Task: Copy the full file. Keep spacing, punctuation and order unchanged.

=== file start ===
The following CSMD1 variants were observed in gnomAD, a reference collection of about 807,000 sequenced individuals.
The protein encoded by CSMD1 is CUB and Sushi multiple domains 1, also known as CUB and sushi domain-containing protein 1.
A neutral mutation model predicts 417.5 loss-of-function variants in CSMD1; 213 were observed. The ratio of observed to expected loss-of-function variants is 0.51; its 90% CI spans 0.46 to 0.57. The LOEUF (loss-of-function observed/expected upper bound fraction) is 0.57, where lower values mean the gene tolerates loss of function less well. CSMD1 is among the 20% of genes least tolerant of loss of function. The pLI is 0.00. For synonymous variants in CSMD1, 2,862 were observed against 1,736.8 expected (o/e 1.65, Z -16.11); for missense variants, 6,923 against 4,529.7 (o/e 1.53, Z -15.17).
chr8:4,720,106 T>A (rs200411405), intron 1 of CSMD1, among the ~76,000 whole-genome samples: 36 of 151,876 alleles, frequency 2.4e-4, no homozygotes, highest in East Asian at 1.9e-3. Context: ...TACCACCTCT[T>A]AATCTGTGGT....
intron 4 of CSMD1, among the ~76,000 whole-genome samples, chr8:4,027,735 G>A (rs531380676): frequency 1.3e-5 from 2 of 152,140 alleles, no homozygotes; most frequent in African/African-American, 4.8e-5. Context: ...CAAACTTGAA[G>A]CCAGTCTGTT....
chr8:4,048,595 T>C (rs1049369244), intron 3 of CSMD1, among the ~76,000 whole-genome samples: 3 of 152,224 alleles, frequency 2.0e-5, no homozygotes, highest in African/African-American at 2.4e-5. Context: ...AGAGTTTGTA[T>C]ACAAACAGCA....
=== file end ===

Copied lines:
The following CSMD1 variants were observed in gnomAD, a reference collection of about 807,000 sequenced individuals.
The protein encoded by CSMD1 is CUB and Sushi multiple domains 1, also known as CUB and sushi domain-containing protein 1.
A neutral mutation model predicts 417.5 loss-of-function variants in CSMD1; 213 were observed. The ratio of observed to expected loss-of-function variants is 0.51; its 90% CI spans 0.46 to 0.57. The LOEUF (loss-of-function observed/expected upper bound fraction) is 0.57, where lower values mean the gene tolerates loss of function less well. CSMD1 is among the 20% of genes least tolerant of loss of function. The pLI is 0.00. For synonymous variants in CSMD1, 2,862 were observed against 1,736.8 expected (o/e 1.65, Z -16.11); for missense variants, 6,923 against 4,529.7 (o/e 1.53, Z -15.17).
chr8:4,720,106 T>A (rs200411405), intron 1 of CSMD1, among the ~76,000 whole-genome samples: 36 of 151,876 alleles, frequency 2.4e-4, no homozygotes, highest in East Asian at 1.9e-3. Context: ...TACCACCTCT[T>A]AATCTGTGGT....
intron 4 of CSMD1, among the ~76,000 whole-genome samples, chr8:4,027,735 G>A (rs531380676): frequency 1.3e-5 from 2 of 152,140 alleles, no homozygotes; most frequent in African/African-American, 4.8e-5. Context: ...CAAACTTGAA[G>A]CCAGTCTGTT....
chr8:4,048,595 T>C (rs1049369244), intron 3 of CSMD1, among the ~76,000 whole-genome samples: 3 of 152,224 alleles, frequency 2.0e-5, no homozygotes, highest in African/African-American at 2.4e-5. Context: ...AGAGTTTGTA[T>C]ACAAACAGCA....